Rooted firmly in the subtropical biomes of South Africa, HOTHOUSE tessellates fragments of lives that emerge from the sweltering intensity of schools. Alice Hill-Woods builds a tender archive, tracing the material and affective dimensions of a queer ecosystem as it plays out behind the gauzy drapes of memory. In the steady heat of accretive summers, HOTHOUSE offers poems as textured coordinates for distinct temporalities, meditating on the connective tissue that exists between bisexual desire and ecological intimacy.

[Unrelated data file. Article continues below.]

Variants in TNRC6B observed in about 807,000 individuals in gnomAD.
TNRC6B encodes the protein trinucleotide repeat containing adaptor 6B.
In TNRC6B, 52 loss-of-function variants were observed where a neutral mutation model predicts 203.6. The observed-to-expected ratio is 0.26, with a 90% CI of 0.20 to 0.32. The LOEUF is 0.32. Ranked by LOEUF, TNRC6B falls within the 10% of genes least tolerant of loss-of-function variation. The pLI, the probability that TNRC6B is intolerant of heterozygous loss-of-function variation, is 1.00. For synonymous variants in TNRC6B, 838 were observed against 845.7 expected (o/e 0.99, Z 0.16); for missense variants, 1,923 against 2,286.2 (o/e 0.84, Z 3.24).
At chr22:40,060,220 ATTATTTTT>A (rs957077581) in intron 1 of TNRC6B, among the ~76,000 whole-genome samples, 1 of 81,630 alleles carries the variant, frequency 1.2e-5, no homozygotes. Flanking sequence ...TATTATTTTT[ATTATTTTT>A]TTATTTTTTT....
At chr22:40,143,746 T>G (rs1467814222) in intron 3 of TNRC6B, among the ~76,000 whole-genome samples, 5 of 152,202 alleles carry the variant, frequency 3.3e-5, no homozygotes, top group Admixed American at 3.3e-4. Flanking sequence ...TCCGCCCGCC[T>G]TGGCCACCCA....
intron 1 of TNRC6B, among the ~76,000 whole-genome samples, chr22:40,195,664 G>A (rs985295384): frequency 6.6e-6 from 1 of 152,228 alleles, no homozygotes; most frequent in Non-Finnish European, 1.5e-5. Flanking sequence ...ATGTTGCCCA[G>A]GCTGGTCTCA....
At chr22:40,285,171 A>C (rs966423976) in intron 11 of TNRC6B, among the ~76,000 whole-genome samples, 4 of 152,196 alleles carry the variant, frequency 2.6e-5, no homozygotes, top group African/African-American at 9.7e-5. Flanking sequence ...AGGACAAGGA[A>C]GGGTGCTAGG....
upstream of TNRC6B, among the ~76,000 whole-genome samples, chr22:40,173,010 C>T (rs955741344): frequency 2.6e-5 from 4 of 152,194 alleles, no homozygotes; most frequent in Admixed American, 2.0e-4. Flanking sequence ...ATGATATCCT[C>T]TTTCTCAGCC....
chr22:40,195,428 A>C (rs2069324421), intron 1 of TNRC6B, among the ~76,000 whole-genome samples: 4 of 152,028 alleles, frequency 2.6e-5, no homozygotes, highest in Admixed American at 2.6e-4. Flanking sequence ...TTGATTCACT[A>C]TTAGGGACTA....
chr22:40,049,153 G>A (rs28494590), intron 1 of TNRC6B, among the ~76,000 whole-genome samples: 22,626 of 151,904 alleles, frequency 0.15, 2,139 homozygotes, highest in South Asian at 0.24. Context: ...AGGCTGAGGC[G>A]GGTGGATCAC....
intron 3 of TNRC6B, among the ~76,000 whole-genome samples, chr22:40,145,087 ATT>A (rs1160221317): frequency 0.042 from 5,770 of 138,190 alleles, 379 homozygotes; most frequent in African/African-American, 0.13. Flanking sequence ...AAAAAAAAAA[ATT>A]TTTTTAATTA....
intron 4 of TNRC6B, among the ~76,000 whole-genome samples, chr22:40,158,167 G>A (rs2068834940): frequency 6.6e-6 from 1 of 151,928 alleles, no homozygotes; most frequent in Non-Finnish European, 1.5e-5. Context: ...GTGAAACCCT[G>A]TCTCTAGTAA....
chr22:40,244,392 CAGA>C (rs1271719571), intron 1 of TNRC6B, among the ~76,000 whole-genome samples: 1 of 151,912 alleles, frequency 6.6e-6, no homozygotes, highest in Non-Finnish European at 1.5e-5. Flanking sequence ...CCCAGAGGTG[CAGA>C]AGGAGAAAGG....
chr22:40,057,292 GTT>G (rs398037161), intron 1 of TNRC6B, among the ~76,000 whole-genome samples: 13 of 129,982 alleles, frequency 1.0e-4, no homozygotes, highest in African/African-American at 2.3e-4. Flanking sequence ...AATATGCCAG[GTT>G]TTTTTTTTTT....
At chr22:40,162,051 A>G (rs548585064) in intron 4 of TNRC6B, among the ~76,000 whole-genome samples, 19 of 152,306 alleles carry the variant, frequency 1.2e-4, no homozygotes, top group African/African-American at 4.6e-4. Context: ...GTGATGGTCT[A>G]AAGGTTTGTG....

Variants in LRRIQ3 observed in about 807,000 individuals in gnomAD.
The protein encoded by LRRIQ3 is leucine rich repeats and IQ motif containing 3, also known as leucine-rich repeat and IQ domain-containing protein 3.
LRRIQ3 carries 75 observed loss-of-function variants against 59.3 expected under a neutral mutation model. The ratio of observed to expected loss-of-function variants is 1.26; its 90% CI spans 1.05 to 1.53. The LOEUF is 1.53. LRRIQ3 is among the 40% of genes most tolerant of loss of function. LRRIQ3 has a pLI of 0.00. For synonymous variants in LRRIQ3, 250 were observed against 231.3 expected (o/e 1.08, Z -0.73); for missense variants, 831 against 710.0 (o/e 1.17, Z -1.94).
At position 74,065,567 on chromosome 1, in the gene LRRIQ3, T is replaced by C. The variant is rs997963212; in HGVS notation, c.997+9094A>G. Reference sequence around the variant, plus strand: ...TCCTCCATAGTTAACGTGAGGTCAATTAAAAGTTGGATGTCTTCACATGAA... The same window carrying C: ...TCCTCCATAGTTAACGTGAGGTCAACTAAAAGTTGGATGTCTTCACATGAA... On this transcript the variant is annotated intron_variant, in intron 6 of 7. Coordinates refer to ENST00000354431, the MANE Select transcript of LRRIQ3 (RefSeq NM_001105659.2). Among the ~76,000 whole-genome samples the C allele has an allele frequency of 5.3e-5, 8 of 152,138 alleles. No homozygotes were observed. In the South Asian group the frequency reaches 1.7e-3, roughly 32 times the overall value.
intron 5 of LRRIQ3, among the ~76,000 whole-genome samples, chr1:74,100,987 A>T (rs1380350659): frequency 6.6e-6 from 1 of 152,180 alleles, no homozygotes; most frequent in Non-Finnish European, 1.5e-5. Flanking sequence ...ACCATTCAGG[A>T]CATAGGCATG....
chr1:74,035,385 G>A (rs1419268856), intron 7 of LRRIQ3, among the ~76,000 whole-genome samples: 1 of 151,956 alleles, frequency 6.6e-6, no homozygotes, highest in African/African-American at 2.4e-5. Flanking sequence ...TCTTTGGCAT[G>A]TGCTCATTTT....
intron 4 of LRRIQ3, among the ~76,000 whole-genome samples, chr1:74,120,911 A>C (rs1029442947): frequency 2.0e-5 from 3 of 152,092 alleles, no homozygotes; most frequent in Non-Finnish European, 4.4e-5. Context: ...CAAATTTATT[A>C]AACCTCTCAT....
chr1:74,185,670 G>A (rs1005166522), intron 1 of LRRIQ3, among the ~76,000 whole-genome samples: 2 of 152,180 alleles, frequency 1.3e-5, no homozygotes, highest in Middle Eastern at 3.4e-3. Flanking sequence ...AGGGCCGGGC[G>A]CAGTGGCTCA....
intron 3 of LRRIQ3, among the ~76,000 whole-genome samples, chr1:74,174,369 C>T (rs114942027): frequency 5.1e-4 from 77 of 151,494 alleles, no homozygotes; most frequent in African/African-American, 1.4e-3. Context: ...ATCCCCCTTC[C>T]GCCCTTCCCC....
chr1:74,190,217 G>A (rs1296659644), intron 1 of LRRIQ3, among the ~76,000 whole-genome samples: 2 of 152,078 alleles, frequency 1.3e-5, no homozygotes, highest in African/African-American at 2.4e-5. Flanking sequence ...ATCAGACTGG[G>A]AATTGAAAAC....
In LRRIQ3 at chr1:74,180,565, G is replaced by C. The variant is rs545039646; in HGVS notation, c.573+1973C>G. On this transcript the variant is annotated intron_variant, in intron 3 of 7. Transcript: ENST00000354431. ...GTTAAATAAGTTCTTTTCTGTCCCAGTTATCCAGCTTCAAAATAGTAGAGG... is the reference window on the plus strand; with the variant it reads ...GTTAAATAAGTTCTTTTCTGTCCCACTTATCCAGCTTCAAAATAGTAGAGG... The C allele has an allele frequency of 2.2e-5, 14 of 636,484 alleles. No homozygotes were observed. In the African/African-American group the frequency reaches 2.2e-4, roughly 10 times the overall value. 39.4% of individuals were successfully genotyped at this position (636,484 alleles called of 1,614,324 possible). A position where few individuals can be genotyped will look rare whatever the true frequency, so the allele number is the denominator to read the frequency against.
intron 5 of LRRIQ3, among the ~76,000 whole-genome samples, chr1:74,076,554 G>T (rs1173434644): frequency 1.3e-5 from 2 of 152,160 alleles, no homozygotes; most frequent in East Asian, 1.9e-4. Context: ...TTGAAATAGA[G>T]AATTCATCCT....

Oozing, wanting, growing and falling, HOTHOUSE takes place in a vibrant architecture of girlhood and human vulnerability, held by sensuous detail and remembered mirage. Poems are glass panels opening upon moments whose vitreous surfaces are no more permanent than the bodies that bear or pass through them. As ‘a fissure in the hothouse’ suggests the structure is not fully heatproof or watertight, so Alice Hill-Woods’ poems are ‘glimmering’ and ‘loose’ – letting in the ‘jelly of a dream’ and the ‘soft / electric tendrils’ of a day. Oceanic feeling is the undersong of the speaker’s tactile relationship to landscape, desire and relation: HOTHOUSE slips effortlessly between scales, spacetimes and remainders, revelling in the material pleasures of language to thrive by what might ‘catch the light / and hold it there’. – Maria Sledmere, author of neutral milky halo (Guillemot Press, 2020)